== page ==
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Pols pledge initial $2 million
for MacArthur Maze repairs

By Matt Wynkoop

May 4, 2007

State and federal representatives visited the damaged portion of the MacArthur Maze today to tour the wreckage and announce that $2 million in initial federal emergency relief has been allocated to cover the cost of repairing the portion of the interchange damaged in a fiery tanker truck crash Sunday.

U.S. Secretary of Transportation Mary Peters joined U.S. Senator Barbara Boxer, D-Calif., Oakland Mayor Ron Dellums and U.S. representatives Ellen Tauscher, D-Walnut Creek, Barbara Lee, D-Oakland, and James Oberstar, D-Minn., to tour of the site so they could see what kinds of repairs were required.

"We're not going to let funding for the Maze get tied up in a web of bureaucracy,'' Secretary Peters said during a news conference held near the sections of Interstate Highways 580 and 80 that were destroyed in the gasoline-fuelled blaze.

Peters said the department has made the funds immediately available to help get damaged portions open and drivers moving again.

The $2 million is planned as the first installment of more federal funds, which are expected to follow once the total cost for the project is determined.

Peters also said that an estimated $4 million to $6 million per day is lost in time and economic productivity due to the collapse.

"It was important for us to come here and see how this disaster is affecting commuters and businesses, she said.

California Department of Transportation Director Will Kempton said the state plans to have a contract proposal for the project finished by Monday night, with construction likely to begin Tuesday. The total cost for the reconstruction of the collapsed portion of the Maze has been estimated at around $20 million.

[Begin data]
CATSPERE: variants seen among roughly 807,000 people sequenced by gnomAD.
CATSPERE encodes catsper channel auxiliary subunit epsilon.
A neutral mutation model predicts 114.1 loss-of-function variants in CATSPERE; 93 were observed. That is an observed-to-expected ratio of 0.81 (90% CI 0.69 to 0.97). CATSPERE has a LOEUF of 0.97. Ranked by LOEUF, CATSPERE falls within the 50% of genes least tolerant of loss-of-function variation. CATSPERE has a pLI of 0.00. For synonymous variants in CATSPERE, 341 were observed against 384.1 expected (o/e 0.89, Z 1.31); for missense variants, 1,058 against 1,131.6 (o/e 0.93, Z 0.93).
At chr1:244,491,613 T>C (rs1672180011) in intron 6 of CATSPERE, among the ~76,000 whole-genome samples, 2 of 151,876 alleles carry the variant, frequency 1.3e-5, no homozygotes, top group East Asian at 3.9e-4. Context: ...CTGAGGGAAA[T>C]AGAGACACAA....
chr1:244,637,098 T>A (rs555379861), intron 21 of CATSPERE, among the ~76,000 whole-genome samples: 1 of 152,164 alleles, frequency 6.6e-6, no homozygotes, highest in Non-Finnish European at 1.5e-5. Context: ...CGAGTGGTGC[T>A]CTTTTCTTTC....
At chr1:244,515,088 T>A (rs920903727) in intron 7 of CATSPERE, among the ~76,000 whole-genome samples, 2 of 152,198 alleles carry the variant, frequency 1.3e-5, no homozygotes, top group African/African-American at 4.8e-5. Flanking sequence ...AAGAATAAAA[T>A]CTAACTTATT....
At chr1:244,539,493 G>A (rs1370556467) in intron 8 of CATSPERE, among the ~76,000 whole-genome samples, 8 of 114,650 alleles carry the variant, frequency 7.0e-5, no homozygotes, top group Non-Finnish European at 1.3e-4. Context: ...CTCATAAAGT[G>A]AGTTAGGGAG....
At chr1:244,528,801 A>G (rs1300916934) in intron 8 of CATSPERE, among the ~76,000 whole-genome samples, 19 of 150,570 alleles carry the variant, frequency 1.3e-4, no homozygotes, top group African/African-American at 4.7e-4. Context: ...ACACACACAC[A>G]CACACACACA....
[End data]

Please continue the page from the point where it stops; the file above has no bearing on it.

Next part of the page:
Kempton said Caltrans is considering stockpiling roadway constructive materials across the state to ensure that the entire California roadway system has the resources needed to quickly become safe again in the instance of another disaster.

Each of the state and federal representatives pledged they would do everything possible to ensure the federal government works as a close partner with the state in completing the reconstruction project and to reimburse state costs already accumulated.

As Boxer toured the demolition site she said the federal government would reimburse all of the state's reconstruction costs if work finishes within six months.

Boxer also thanked the people of the Bay Area for making use of public transit in recent days and praised Gov. Arnold Schwarzenegger for declaring the collapse a disaster immediately.

Bay Area Rapid Transit has seen its passenger count soar in the days since the fire.

"This incident shows how important alternative transportation is to California,'' Boxer said.

"We'll see if we can't reimburse the state for cost on transportation systems.''

Fielding questions about whether the kind of steel melted by the 8,600 gallons of fuel that engulfed the connector ramp and caused the structure to collapse will be available, Oberstar said there is no shortage of the American-made steel required for use in domestic funding projects such as this.

The southbound Interstate Highway 880 connector is expected to be reopened to traffic by May 12, according to Kempton.

Copyright © 2007 by Bay City News, Inc. -- Republication, Rebroadcast or any other Reuse without the express written consent of Bay City News, Inc. is prohibited.




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